Dissociative disorders are a category of illnesses characterised by abrupt shifts in a person’s sense of reality-related perception, thinking, consciousness, identity, or memory. An individual with dissociative disorder could feel cut off from both their environment and themselves.
Dissociative amnesia, dissociative identity disorder, dissociative fugue, and depersonalization-derealization disorder are a few of the diagnoses that fall under the umbrella of dissociative disorders. They all share the characteristic of often emerging following a stressful event. Dissociation events may get worse with high stress. Despite the widespread prevalence of dissociation experiences, there are numerous misconceptions about these diseases. Let us examine some myths about dissociative disorders.
Myth 1 – People with dissociative disorders are dangerous.
Individuals with dissociative disorders need to be monitored for rapid personality changes or atypical inclinations since the diagnostic criteria for dissociative disorders include sadness, anxiety, and suicidal thoughts. Dissociative identity disorder is frequently portrayed in the media as having aggressive tendencies. This image is further exaggerated when close individuals, such as family, may not be aware of the person’s changes in their identity.
Multiple personality disorder was renamed dissociative identity disorder because many individuals with this disease have just one identity that is broken up into smaller fragments rather than having different identities. Relatives close to individuals with DID can observe the following indicators related to changes in identities:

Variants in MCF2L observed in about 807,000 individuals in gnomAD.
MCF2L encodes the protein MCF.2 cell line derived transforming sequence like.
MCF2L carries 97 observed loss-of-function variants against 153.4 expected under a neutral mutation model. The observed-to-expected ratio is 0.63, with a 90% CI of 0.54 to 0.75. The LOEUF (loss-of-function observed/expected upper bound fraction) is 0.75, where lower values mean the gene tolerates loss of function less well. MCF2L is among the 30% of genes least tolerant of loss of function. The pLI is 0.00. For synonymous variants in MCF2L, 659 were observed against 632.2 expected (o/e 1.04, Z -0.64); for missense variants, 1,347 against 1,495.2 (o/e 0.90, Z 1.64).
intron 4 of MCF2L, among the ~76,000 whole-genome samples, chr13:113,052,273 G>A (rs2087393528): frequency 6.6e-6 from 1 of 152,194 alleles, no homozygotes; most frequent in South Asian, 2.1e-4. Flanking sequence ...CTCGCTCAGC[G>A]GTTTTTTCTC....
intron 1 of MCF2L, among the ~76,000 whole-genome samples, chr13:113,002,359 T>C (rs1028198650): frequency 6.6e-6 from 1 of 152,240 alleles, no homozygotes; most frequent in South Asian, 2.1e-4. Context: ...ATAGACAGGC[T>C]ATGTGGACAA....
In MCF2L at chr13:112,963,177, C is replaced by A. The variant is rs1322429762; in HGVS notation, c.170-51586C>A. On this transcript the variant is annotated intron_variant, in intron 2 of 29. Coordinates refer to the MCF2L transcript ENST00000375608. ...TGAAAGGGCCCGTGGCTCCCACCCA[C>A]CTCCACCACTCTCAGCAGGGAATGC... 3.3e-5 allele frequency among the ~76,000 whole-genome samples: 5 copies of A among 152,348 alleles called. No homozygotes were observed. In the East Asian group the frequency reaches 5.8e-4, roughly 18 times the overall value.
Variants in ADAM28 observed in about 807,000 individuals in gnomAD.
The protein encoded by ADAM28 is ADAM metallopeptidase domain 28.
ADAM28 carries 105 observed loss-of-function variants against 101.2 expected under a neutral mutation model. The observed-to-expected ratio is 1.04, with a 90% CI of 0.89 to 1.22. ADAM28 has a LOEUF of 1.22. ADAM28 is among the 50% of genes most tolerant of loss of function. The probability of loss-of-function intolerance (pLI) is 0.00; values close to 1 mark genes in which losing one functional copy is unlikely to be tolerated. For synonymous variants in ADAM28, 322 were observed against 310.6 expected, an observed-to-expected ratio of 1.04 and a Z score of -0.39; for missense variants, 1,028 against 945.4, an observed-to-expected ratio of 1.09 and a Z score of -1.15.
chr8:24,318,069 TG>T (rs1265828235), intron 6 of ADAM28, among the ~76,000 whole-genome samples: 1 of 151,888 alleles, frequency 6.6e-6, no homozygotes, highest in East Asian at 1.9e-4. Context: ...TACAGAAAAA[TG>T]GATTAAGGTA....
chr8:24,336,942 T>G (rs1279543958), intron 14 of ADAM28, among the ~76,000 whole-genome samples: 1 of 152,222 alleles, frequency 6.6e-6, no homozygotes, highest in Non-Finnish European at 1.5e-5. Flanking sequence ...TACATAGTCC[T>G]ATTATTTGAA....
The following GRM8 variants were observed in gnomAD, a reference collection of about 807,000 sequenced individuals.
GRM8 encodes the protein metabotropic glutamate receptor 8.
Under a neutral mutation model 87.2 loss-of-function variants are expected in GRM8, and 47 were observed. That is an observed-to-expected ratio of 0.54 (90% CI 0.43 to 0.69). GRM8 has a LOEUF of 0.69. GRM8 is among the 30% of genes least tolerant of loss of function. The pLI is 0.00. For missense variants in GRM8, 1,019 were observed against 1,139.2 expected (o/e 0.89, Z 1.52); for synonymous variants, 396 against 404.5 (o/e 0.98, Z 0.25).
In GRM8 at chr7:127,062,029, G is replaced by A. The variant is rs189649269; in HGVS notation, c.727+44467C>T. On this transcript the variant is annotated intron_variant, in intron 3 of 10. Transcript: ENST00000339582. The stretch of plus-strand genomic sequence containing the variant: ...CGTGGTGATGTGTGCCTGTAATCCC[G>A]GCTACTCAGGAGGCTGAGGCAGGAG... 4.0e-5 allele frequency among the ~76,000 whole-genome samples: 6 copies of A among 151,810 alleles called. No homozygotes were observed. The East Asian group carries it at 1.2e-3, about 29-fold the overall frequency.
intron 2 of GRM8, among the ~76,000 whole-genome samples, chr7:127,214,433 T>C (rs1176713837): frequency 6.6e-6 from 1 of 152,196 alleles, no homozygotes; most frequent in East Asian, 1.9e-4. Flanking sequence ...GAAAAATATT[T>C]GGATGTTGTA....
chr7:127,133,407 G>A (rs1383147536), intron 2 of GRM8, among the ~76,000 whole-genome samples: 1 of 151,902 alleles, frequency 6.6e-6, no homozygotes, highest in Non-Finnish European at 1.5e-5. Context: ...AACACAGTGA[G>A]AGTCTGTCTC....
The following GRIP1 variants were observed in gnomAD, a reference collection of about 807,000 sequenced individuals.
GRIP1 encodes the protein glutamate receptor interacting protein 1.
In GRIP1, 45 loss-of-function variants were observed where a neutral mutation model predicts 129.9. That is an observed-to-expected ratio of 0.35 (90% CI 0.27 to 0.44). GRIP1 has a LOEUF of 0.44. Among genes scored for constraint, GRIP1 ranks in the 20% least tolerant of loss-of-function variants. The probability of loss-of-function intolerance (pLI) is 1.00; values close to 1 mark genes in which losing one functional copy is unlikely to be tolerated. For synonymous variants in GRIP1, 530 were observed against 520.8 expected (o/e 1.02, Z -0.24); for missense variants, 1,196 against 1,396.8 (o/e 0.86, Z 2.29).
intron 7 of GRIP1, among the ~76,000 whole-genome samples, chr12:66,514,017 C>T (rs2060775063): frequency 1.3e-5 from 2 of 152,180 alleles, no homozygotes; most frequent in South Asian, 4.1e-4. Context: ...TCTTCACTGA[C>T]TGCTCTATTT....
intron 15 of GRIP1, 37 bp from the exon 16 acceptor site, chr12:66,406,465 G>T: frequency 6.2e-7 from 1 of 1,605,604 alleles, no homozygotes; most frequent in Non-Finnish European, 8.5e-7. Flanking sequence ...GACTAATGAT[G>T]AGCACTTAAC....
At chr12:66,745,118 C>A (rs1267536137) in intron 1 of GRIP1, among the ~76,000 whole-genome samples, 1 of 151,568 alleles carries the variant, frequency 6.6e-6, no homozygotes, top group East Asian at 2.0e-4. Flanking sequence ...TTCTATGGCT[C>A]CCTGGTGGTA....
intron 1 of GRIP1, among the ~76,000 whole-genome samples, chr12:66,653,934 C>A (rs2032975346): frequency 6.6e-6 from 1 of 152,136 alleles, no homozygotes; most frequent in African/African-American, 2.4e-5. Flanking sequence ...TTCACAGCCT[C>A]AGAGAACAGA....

- Sudden mood swings
- Forgetfulness about what is said
- Rapid changes in personality
Dissociative disorders may increase a person’s risk of self-harm and suicidal behaviours; however, this is not always the case. Medical attention is required if a person with a dissociative disorder states they wish to hurt themselves or other people.
Myth 2 – Dissociative and psychotic disorders are similar.
A psychotic condition like schizophrenia is characterised by hallucinations, delusions, disorganised thinking, and abnormal behaviours. Contrarily, hallucinations or delusions are uncommon in dissociative disorders. However, psychotic episodes are still a possibility for those with dissociative disorders.Psychosis is seen as a sign of a number of illnesses, including bipolar disorder, schizophrenia, and dissociative disorders. Alcohol and substances such as LSD can cause psychosis as well.
If a person describes ‘auditory hallucinations’, they may be misdiagnosed with schizophrenia when they actually have dissociative identity disorder. In contrast to delusions or hallucinations, these voices might be pieces of the person’s identity. When an individual is given treatment for schizophrenia under these circumstances, their symptoms will not get better, which would indicate that perhaps the diagnosis is incorrect.
Myth 3 – Dissociative disorders can be treated with medication.
Medication is often not advised for individuals with dissociative disorders unless they have a co-occurring mental health illness, such as bipolar disorder, depression, or anxiety. Instead of treating the entire disease, medication only addresses certain of its symptoms. There are several therapies that can help individuals with dissociative disorders, such as:
- Cognitive behavioural therapy (CBT)
- Dialectical behaviour therapy (DBT)
- Psychoanalytical psychotherapy
- Eye movement desensitization and reprocessing (EMDR)
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Charlot Cauchi is a Gestalt Psychotherapist at Willingness. He has experience working with adult clients with mental health difficulties, anxiety and depression, loss and grief, traumatic experiences, stress and relational issues.
American Psychiatric Association. (2013). Diagnostic and statistical manual of mental disorders (5th ed.). American Psychiatric Association.Vedat, S. (2011). Epidemiology of Dissociative Disorders: An Overview.” Epidemiology Research International.